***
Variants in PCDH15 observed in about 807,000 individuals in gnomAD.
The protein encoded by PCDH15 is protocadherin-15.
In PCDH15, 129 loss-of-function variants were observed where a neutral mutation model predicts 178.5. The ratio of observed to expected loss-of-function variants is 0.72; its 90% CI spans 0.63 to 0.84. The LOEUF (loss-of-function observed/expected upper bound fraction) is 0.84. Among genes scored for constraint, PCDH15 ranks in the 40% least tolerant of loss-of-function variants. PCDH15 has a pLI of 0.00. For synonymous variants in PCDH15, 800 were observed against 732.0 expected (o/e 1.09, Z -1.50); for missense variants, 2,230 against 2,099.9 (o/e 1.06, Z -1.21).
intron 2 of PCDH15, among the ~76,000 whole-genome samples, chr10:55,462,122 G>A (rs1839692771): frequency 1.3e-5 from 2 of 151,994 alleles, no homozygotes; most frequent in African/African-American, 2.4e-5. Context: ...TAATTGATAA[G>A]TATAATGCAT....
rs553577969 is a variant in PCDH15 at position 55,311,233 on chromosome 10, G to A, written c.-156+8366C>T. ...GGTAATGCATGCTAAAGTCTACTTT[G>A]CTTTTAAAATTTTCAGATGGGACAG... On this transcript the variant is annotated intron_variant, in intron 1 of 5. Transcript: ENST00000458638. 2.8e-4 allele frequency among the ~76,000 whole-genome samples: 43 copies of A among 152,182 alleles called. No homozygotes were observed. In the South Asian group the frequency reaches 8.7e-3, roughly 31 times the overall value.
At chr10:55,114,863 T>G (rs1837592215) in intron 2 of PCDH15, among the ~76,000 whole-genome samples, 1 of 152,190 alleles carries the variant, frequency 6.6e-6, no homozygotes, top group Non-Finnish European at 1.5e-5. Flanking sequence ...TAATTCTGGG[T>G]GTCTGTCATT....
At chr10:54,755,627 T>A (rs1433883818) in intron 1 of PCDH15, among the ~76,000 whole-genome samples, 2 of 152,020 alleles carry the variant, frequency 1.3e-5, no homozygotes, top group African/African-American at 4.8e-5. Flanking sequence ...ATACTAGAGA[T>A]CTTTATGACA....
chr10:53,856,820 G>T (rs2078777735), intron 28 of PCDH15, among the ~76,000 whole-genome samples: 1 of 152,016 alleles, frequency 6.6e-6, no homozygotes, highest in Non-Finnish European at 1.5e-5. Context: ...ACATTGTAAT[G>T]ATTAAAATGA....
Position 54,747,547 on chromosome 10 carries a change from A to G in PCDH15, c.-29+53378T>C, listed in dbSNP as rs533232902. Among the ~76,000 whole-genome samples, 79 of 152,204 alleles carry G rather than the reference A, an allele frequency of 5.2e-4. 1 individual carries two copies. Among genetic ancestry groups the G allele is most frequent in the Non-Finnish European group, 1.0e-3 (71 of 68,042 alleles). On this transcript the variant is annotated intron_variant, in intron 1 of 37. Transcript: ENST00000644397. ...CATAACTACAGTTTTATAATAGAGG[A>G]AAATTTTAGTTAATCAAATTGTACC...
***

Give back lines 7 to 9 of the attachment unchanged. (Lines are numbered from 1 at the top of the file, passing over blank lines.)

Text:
At chr10:54,755,627 T>A (rs1433883818) in intron 1 of PCDH15, among the ~76,000 whole-genome samples, 2 of 152,020 alleles carry the variant, frequency 1.3e-5, no homozygotes, top group African/African-American at 4.8e-5. Flanking sequence ...ATACTAGAGA[T>A]CTTTATGACA....
chr10:53,856,820 G>T (rs2078777735), intron 28 of PCDH15, among the ~76,000 whole-genome samples: 1 of 152,016 alleles, frequency 6.6e-6, no homozygotes, highest in Non-Finnish European at 1.5e-5. Context: ...ACATTGTAAT[G>T]ATTAAAATGA....
Position 54,747,547 on chromosome 10 carries a change from A to G in PCDH15, c.-29+53378T>C, listed in dbSNP as rs533232902. Among the ~76,000 whole-genome samples, 79 of 152,204 alleles carry G rather than the reference A, an allele frequency of 5.2e-4. 1 individual carries two copies. Among genetic ancestry groups the G allele is most frequent in the Non-Finnish European group, 1.0e-3 (71 of 68,042 alleles). On this transcript the variant is annotated intron_variant, in intron 1 of 37. Transcript: ENST00000644397. ...CATAACTACAGTTTTATAATAGAGG[A>G]AAATTTTAGTTAATCAAATTGTACC...